We have described a comprehensive and quantitative analysis of genetic interactions among 26 non-essential genes involved in resistance to MMS-induced DNA damage. A conceptually simple multiplicative model was used to define genetic interactions between these genes. The validity of this model is supported here by the fact that the fitness defects of gene pairs without functional links usually combine multiplicatively, and that deviation from this model is predictive of shared function. This model has not been applied in previous large-scale genetic interaction studies8,10–12,14,15,18
. As a result, some gene pairs might have been previously misinterpreted as being in common or compensatory pathways if the multiplicative neutral model adopted here is correct.
In the absence of MMS, our methods classified 12% of gene pairs as aggravating interactions and 6% as alleviating interactions (). Genome-wide screens have estimated the frequency of aggravating genetic interactions (synthetic lethality and synthetic sickness) to be ~0.5% among non-essential genes15
. The ~24-fold enrichment in aggravating interaction frequency that we observed in the absence of MMS illustrates the utility of chemogenomic fitness screens in identifying functionally related subsets of genes and in quantitatively measuring their genetic interactions. Notably, we further enriched the number of alleviating and aggravating interactions to 21% and 14%, respectively, by growing deletion strains in the presence of MMS. The enrichment of functional links among alleviating gene pairs further underscores the value of systematic screens that can capture such interactions13,18
The adaptive value of the sexual mode of reproduction has been much debated. The deterministic theory argues that, if aggravating epistasis is prevalent, then sexual reproduction is selective because it enables deleterious mutations to be purged from genomes3
. Previous studies aimed at measuring the relative frequencies of alleviating and aggravating interactions have yielded conflicting results4–6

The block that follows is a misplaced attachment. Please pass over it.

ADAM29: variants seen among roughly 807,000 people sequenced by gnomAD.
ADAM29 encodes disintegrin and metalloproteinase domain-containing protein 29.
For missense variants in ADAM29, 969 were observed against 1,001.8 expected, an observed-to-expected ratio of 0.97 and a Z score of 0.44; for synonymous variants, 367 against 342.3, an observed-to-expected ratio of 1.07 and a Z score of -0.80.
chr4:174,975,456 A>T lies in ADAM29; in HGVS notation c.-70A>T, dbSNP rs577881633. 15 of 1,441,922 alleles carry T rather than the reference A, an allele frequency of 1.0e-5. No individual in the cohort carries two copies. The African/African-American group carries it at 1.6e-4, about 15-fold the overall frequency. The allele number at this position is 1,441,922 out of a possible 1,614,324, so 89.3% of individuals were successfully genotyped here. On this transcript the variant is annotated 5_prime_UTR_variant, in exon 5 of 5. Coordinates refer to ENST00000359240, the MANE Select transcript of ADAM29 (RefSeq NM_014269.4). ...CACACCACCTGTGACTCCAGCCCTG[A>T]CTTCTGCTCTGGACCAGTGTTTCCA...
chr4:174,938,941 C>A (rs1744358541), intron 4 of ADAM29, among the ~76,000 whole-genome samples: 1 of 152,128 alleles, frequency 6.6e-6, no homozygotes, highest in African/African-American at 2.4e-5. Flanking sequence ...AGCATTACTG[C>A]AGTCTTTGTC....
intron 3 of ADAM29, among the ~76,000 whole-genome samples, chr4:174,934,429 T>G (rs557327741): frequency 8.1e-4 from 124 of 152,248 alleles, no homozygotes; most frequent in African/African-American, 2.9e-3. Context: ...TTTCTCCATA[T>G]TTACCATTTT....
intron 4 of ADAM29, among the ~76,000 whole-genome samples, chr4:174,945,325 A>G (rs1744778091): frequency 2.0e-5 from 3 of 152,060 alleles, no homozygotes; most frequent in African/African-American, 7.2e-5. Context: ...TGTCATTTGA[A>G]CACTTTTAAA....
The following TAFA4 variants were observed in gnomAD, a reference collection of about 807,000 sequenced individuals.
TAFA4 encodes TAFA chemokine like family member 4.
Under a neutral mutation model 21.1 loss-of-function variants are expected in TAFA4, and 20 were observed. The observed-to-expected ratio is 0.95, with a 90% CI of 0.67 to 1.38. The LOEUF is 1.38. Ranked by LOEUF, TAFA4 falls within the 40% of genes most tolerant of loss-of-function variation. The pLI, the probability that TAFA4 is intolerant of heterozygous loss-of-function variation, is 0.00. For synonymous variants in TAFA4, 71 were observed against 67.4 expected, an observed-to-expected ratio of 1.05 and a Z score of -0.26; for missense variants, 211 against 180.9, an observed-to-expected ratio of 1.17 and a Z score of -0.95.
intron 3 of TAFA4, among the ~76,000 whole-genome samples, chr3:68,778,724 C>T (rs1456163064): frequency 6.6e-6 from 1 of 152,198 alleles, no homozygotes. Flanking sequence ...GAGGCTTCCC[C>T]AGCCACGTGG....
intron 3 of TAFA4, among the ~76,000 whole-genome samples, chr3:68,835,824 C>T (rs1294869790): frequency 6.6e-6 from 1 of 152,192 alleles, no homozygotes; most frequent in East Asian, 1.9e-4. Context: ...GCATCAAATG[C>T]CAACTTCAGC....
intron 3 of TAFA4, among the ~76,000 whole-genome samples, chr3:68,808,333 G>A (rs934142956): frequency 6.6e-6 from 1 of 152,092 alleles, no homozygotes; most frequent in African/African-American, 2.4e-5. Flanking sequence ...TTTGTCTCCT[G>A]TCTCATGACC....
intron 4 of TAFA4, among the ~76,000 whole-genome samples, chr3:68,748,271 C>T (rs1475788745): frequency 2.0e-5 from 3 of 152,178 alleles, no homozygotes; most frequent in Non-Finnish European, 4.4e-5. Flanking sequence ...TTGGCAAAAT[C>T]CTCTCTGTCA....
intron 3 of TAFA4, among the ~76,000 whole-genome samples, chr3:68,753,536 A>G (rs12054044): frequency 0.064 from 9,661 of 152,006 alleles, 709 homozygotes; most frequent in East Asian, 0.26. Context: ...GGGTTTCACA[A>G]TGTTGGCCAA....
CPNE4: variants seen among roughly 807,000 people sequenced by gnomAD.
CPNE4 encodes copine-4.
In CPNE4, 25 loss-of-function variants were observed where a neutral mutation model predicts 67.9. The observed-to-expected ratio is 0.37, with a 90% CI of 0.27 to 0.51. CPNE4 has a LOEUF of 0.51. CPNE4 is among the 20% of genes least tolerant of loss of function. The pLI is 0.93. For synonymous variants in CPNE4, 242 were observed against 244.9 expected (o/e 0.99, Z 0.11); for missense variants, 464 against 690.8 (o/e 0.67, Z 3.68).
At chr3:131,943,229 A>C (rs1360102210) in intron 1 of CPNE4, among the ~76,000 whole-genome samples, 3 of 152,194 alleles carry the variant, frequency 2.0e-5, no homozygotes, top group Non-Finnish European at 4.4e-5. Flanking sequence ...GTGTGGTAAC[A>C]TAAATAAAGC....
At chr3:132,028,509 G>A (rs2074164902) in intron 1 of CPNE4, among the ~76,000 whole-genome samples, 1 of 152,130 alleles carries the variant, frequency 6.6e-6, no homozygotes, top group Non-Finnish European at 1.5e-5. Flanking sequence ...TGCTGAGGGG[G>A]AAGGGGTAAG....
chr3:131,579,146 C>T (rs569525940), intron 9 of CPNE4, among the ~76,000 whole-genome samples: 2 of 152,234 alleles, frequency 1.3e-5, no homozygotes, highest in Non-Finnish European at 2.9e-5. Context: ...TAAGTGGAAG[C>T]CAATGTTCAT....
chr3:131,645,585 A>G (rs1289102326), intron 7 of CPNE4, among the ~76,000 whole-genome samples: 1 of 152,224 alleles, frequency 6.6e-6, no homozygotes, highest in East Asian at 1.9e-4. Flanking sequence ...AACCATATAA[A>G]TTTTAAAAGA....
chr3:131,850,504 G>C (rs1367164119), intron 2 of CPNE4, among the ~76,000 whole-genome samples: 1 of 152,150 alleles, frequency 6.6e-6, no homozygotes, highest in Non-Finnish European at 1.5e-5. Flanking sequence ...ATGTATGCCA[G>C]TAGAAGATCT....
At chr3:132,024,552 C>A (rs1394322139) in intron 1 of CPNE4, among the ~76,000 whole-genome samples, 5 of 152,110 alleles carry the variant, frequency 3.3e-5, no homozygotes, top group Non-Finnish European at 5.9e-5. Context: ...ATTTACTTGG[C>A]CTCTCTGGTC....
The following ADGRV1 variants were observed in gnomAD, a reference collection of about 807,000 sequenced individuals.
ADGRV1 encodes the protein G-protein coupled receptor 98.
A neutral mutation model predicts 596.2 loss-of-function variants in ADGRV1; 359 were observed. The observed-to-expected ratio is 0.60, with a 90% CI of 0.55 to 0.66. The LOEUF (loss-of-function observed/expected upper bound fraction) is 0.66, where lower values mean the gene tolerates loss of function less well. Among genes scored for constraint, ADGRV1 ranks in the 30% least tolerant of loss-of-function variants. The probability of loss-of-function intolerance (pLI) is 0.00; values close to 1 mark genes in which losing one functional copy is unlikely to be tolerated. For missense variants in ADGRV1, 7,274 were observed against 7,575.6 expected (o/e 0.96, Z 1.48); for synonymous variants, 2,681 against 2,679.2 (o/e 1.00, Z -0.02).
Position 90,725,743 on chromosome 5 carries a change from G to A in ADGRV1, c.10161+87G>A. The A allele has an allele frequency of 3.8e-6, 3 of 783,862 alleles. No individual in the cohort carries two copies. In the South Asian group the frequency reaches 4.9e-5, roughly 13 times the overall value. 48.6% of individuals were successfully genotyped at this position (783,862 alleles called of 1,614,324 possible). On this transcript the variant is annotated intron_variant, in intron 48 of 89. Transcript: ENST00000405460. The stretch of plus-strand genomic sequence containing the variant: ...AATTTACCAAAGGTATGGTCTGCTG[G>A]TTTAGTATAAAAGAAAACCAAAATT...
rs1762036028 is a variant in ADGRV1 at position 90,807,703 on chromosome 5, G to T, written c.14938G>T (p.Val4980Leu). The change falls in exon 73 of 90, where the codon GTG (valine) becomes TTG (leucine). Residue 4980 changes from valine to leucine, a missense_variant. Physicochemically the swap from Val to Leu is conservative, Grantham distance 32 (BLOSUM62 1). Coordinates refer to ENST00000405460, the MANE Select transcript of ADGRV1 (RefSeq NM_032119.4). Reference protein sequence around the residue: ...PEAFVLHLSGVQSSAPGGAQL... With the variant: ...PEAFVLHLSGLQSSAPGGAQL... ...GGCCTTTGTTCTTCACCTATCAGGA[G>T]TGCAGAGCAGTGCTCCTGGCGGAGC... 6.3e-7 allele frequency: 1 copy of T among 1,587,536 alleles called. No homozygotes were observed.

. Here, all single-gene deletions produced a quantifiable phenotype relative to wild type (); thus, every gene pair in our data set was interrogated for both alleviating and aggravating interactions. The observation that aggravating interactions occurred more frequently than alleviating interactions (; both with and without MMS) is consistent with the deterministic theory. An important caveat, however, is that the genes that we studied were not chosen randomly.
The relative MMS sensitivities of single and double mutants were used to distinguish distinct subtypes of alleviating genetic interactions. We found that coequal interactions (where Sxy
) occur between gene pairs that typically have the highest genetic congruence scores ( and ) and coequality is generally indicative of protein complexes that function as cohesive units25,26,28,32,33
. Systematically discovered alleviating interactions (where Sx
) accurately predicted the order of previously characterized biochemical processes. In addition, we found that shu1
Δ and csm2
Δ could partially suppress the MMS sensitivity of rad54
() and, similar to deletions in homologous recombination genes44
, rescue the synthetic lethality of an hpr5Δrad54Δ
double-deletion mutant (Supplementary Fig. 3
). These data extend previous findings linking the Shu complex to homologous recombination26
and place this complex upstream of Rad54 in homologous recombination–mediated repair of both MMS-induced and spontaneous DNA damage.
Genetic congruence between MPH1
led to the hypothesis and observation that the fitness of mph1Δmus81Δ
double-deletion strains in MMS can be improved by deleting genes important for homologous recombination and is consistent with the idea that the Mph1 helicase is involved in resolving homologous recombination-dependent toxic DNA intermediates (). Even though the Mph1 protein shows similar substrate specificity to Sgs1 in vitro40
, whether it has the same substrate specificity as Sgs1 in vivo
remains to be determined. Two of our results argue against this possibility: first, we did not observe any interaction between these two genes, as might be expected if they resolve the same intermediate; and second, although the rad59
Δ deletion suppressed the sensitivity of mph1Δmus81Δ
, it did not rescue the synthetic lethality of sgs1Δmus81Δ
. This observation suggests that Mph1 may distinguish itself from Sgs1 by acting on substrates generated by a RAD59
Of the roughly 6,000 genes in the yeast genome, fewer than 1,200 are essential for viability under optimal growth conditions (rich medium at 30 °C)22,46
. Consistent with studies involving random mutations4,5
and computational studies of yeast metabolism19
, most of our gene pairs followed a multiplicative relationship (). This level of robustness will undoubtedly hinder efforts to understand the functional organization of the cell on a systems level. Our results emphasize the utility of systematic and quantitative double-deletion studies, but they also show that additional perturbations, either genetic or chemical, will be necessary to reveal the full architecture of cellular pathways.